Important changes

Today was a free day, but not without events. Last night, during a working dinner with Martha (the line producer) I proposed some changes to our way of working and to the schedule, which today were arranged and communicated. And not to everyone’s liking, which was to be expected.

Originally I had always hoped that the baby would be born halfway the one-month trip and that we’d get two productive weeks with her. She was however born on the second day and I have double the amount of shooting time. During this past first week, I realized that three weeks would even be a luxury, let alone four. So last night I proposed we cut a week out of the shoot and that all salaries be re-negotiated. Martha did this today with the crew she contracted, and apparently after a little moaning and sighing, all is fine now. I encouraged her to blame me (true!) so we’ll see tomorrow what the general mood is.

But more radically, I feel that we carry around too many people. I always wanted to have a very small crew, so I asked her to finish the contract with the production assistant whom in my eyes did important work in the lead-up of the shoot, but was now kind of hanging around doing the odd thing we could also handle without her. Not nice, but I have to think of our operability and also budget. The intimacy of the shoot, a high level of concentration, not seeming like a “monster” to our protagonists… these are all very important things to me.

I now hope that we can get back to work in the same way we have been working these past eight shooting days, but lighter. Quality has been really high, and besides the organizational changes, the content and creative side of the film is going extremely smoothly. No doubt a lot will still happen which will make for lots of very interesting scenes in the two weeks to come.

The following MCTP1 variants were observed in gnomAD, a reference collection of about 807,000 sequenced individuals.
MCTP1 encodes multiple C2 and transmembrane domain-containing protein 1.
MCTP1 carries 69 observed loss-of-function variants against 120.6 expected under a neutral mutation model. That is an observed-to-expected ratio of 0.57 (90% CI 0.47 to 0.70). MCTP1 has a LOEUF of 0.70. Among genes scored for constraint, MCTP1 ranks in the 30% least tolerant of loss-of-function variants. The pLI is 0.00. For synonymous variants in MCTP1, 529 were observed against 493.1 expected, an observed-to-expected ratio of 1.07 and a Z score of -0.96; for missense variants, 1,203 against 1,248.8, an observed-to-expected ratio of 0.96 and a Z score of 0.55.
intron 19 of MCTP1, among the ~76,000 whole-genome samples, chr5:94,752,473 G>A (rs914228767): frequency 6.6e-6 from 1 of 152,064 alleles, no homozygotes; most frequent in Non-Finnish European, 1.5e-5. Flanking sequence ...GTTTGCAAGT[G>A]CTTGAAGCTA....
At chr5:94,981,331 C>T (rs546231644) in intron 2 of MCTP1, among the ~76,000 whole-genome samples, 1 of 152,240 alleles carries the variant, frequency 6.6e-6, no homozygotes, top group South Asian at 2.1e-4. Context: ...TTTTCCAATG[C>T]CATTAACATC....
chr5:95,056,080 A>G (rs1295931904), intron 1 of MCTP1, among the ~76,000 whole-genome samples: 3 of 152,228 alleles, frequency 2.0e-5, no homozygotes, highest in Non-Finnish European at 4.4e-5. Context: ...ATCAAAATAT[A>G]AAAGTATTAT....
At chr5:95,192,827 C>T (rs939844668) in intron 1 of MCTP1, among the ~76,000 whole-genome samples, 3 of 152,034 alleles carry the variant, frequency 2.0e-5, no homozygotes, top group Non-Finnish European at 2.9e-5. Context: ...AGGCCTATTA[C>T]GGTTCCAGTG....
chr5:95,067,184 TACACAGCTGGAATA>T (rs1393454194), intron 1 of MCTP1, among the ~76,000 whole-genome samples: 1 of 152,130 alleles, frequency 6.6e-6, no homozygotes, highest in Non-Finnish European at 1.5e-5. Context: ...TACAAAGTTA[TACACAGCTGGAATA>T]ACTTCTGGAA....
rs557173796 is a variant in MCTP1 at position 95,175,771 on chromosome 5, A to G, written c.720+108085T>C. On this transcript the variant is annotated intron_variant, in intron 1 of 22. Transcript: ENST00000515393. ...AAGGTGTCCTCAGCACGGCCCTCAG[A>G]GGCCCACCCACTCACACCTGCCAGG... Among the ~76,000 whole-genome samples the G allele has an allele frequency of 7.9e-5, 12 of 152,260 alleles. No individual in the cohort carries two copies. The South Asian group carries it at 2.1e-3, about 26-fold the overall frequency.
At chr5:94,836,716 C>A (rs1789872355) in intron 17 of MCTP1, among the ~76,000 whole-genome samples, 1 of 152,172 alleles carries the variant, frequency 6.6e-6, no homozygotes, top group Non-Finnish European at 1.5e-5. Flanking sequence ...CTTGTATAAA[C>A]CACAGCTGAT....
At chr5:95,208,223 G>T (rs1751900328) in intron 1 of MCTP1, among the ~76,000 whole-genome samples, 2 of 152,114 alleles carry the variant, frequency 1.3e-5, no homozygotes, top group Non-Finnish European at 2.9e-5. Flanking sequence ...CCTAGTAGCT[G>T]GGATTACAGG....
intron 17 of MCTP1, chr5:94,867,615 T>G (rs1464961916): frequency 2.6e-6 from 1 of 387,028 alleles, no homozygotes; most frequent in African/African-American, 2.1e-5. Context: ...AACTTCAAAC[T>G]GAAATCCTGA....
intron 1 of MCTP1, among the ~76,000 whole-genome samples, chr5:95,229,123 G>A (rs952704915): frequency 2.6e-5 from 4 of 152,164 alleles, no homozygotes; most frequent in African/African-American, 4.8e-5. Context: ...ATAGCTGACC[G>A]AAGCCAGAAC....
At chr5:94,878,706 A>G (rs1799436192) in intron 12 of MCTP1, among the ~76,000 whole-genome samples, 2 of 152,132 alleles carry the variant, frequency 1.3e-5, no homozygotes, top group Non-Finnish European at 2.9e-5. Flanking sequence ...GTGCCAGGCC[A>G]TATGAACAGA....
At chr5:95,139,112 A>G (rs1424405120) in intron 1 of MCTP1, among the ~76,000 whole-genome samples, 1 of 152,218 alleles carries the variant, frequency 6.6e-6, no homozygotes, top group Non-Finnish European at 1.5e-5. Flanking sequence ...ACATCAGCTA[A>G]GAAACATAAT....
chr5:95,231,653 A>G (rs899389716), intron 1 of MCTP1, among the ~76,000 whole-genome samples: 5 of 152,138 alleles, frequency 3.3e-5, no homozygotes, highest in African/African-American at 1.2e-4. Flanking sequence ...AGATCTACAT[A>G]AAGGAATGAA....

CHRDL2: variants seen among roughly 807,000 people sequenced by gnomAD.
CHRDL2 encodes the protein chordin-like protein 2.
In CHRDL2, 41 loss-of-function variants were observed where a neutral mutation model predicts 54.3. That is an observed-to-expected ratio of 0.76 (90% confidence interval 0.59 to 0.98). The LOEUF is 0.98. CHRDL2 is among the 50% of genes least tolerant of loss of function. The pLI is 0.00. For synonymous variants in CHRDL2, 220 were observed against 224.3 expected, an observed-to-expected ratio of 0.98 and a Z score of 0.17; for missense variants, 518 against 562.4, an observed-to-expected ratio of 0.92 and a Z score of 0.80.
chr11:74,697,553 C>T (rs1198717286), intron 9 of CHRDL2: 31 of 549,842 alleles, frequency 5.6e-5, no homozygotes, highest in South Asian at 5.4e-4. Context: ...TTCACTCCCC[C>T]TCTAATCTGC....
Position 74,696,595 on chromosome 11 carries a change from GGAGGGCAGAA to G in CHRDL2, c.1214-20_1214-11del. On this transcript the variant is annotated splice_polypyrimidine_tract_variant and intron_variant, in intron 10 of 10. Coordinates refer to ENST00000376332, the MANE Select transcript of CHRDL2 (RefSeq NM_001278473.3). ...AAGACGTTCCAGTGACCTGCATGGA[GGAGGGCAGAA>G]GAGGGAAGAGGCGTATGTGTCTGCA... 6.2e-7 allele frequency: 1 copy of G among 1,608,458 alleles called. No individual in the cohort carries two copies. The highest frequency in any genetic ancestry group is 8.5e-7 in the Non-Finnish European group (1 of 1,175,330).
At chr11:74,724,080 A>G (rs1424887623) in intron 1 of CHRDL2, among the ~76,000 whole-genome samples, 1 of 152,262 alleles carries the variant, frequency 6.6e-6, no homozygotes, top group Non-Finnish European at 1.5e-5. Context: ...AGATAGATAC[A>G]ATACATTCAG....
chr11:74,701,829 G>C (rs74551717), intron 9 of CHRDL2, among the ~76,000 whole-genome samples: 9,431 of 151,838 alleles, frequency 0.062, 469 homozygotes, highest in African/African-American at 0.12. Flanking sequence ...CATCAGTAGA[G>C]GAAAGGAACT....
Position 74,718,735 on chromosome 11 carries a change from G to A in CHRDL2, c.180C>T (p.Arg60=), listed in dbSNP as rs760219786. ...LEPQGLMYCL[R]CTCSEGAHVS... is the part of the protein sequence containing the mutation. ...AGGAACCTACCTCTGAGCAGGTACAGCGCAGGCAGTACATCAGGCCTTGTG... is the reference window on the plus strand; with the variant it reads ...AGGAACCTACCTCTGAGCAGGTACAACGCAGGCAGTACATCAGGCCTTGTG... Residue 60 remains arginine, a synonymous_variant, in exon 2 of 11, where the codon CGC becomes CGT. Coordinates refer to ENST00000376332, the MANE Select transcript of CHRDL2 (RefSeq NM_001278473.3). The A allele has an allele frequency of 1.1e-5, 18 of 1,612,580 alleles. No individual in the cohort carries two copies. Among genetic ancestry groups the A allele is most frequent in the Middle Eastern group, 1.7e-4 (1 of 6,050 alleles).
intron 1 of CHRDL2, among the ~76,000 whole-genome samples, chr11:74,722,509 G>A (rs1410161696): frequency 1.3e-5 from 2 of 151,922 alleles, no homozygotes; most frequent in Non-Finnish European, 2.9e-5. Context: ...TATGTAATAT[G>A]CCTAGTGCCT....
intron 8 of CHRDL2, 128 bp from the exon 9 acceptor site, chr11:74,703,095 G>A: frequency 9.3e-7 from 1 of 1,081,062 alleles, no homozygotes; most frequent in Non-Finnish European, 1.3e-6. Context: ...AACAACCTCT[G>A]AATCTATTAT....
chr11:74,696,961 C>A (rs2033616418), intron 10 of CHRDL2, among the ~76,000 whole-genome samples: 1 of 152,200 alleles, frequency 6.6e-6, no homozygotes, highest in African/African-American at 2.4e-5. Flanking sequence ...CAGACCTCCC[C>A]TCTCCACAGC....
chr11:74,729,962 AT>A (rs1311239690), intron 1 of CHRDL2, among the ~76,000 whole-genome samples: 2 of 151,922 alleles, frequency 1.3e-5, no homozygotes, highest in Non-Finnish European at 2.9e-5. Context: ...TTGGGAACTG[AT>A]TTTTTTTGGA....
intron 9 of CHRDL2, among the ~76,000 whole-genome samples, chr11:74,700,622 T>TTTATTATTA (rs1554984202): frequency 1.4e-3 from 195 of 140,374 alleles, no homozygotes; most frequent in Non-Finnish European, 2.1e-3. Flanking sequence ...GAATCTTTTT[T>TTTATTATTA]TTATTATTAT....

On a side note, I was able to change my return flight as well by five days, now landing on the 6th of April. In good old Iberia fashion, the change would first cost over 600 euros, then on a second attempt there were no seats, and on a third attempt I got exactly what I wanted for a minimum payment of the standard penalty of 135 euros. They’re so good at customer service!

Right, final chapter of the crew member of the day: social worker Alejandro Aguirre (here seen in a mall food court, our lunchtime hide-out).


Alejandro works for local NGO TESIS, with whom we have an agreement that he will escort us whenever we are in risky neighborhoods and/or with street children. He has done this work ever since he was a teenager himself, and is a very respected person among street communities. The kids call him “Profe”. Originally I wanted the support of a street worker for our safety, but he has also proven to be invaluable in arriving at the correct judgement regarding certain situations with Sujeylin and Juan Carlos. Alejandro has a heart of gold and is always the first one to be talking to whoever crosses our path. We might enter somewhere shooting away, while he is explaining things and calming people down: “don’t worry, they’re not from the government” – that kind of thing. This is also the reason he tends to hang out in front of the lens instead of behind it, which may mean he might even be present in the film at some point. He is someone I really lean on a lot and I am happy when he is around. Thanks to TESIS for letting him go.

Finally, please check out the “donate” section, now completey reworked with its own page and much-needed explanation and instructions.

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